Illustration of illustration

Essentially, by creating illustrations from Second Life® environments and characters, I make hybrids. Believing that every avatar is a self-portrait, to capture the personality of what is already an expression, takes collaboration to a new level. Like a business card, an avatar represents the person behind the keyboard. My avatar better shows my self-concept than my real-world self! So working on portraits in a already hybrid world adds another layer of visual craft.

In portraying Amy Nevilly of Second Ads, I wish to capture her total dedication to concepts that will appeal to the largest markets possible. She observed quickly that new avatars had few options to make virtual money, relying instead on real world credit cards to fund their in-world lifestyles. Rather than approach the challenge like an artist (looking first to oneself for a solution), she approached it like a marketer: what will appeal?? What will sell?? Then she and Wili came up with a fishing game that bridges the newcomers with existing businesses. So to express their innovative strategy, I wish to match with innovative illustrations—something that does not exist in SL but represents.

Another thing happened this month that surprised me: my design is being copied by another (not to be named here) magazine! I guess that is the highest form of flattery. And it inspired me. It makes me ask: what sets my work apart?? If they can copy something I have done, I must stop doing that. Only what is difficult to copy is worth doing. Further, my visuals should not look like a visit to locations—they should not be substitute. They need to express subjects in a way that the visitor can not see by following in my footsteps! It is not a documentary but a portrayal of experience. My strength is to give visual what is not, in a way that represents without repeating. I think I accomplish that here. My favorite illustration in the issue is (see the whole issue of Bowler Business Review #8):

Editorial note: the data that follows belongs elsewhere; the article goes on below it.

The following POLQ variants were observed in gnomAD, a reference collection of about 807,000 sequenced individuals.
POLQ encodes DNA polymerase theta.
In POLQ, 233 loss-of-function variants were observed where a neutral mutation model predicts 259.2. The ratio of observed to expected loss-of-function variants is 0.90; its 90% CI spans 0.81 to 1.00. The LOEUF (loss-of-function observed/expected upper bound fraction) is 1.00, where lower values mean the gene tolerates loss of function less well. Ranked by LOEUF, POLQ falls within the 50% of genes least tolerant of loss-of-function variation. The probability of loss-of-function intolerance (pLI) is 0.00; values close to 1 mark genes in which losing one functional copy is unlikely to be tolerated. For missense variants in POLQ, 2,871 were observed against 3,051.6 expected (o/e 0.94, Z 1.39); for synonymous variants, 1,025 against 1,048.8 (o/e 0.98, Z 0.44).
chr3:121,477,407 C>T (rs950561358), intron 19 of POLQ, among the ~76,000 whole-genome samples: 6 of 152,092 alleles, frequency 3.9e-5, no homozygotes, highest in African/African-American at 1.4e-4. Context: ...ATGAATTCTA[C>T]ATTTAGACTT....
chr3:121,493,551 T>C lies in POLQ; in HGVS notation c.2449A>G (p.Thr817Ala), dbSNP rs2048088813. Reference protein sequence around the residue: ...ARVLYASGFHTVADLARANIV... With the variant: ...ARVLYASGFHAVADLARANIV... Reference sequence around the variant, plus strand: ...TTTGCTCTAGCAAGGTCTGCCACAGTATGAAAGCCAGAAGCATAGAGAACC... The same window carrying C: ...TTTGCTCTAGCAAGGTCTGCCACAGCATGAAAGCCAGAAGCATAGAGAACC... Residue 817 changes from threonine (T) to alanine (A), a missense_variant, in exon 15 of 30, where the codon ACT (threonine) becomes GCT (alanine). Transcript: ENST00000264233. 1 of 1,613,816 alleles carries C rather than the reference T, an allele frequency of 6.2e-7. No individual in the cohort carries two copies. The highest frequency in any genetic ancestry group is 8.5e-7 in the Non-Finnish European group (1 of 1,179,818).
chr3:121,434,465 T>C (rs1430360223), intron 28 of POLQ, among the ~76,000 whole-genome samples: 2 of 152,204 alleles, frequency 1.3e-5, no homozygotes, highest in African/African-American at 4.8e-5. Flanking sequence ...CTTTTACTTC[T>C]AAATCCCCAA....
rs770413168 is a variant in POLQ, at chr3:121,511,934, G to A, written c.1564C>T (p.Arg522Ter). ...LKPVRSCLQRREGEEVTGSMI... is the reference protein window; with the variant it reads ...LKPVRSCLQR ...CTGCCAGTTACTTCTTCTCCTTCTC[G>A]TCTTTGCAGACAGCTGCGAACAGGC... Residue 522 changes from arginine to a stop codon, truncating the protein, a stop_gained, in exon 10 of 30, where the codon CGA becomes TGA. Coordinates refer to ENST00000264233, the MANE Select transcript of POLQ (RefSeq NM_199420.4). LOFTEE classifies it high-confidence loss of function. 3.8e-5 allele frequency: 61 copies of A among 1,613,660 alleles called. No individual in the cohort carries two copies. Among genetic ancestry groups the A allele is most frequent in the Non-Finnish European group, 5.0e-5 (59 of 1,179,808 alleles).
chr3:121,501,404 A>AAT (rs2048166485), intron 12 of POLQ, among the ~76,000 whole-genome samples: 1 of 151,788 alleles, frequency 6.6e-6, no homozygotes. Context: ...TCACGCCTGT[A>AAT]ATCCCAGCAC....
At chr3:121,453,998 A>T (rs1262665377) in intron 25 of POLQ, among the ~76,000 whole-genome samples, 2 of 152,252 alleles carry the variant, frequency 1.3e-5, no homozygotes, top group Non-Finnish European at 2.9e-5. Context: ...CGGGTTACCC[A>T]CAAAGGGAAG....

BBR8-blog art-amyC

Like any successful business owner, Wili Clip is a bit of a control-freak. How he earns a real full time living in a virtual world where the currency is pennies on the dollar, is right there amazing. And to lead a staff of five or six that can also do the same (like Amy) is even more remarkable. So in this illustration, I had captured a photo of Wili outside my virtual office, on his way to play his own fishing game. For those in the know, that little red comic character on his shoulder is an assistant (fisherpeople can buy one) that helps increase catching fish. His pole is the deluxe-version, of course, also for sale. The hat???…. for free on Marketplace!

This issue also stretched my Photoshop skills. Learning new techniques in that program everyday, my visual vocabulary grows, along with creating more illustrations of illustrations—to bring a hyper reality to an already unreal world—yet one that often feels more real than the one I sit in now, typing this entry.

Always inspired, Liane

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About wisdomofwork

I have a passion for publishing: I wear a designer's hat, editor's coat, and publisher's shoes. See more about my work at www.lianesebastianillustration.wordpress.com.
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One Response to Illustration of illustration

  1. Pingback: to practice or not to practice? « Wisdomofwork's Blog

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